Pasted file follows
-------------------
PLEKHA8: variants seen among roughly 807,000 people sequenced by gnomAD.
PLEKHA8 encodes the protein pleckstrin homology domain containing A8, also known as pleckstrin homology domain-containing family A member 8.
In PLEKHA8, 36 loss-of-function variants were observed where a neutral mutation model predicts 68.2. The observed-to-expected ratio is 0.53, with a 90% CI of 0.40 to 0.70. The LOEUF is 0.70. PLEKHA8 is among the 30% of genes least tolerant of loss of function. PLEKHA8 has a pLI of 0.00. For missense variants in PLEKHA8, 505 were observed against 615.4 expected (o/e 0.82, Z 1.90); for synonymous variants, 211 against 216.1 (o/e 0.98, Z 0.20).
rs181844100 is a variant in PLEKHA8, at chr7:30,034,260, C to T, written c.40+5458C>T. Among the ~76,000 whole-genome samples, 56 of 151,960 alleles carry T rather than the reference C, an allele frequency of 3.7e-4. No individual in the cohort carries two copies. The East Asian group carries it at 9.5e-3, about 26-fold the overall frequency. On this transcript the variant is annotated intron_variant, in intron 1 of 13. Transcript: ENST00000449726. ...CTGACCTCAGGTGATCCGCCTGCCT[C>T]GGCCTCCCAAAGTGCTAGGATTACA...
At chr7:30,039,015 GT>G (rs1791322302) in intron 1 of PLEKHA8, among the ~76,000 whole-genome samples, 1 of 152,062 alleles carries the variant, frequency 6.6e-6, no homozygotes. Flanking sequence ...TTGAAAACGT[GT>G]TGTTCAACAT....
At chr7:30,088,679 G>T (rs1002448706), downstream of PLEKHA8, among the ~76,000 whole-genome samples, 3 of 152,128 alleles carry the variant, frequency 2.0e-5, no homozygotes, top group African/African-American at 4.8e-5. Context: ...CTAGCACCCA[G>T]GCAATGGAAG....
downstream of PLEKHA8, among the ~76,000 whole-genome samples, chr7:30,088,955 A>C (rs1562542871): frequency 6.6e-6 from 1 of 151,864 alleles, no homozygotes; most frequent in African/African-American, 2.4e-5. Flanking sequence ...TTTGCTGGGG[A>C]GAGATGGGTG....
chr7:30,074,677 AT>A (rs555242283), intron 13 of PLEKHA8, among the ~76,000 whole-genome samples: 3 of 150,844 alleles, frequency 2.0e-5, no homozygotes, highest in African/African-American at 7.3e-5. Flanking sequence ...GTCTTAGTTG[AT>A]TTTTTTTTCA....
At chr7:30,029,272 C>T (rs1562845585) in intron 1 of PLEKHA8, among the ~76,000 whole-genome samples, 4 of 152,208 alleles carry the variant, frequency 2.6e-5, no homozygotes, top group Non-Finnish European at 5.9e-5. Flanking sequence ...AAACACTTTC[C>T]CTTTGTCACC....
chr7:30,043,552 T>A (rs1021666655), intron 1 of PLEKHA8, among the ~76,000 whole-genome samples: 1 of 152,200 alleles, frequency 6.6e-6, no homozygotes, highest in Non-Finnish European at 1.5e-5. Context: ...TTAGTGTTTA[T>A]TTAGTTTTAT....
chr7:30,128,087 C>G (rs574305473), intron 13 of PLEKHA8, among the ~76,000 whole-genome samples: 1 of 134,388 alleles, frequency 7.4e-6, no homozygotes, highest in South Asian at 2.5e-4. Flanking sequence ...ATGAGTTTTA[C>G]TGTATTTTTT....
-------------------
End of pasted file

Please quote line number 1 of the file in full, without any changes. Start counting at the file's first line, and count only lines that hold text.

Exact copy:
PLEKHA8: variants seen among roughly 807,000 people sequenced by gnomAD.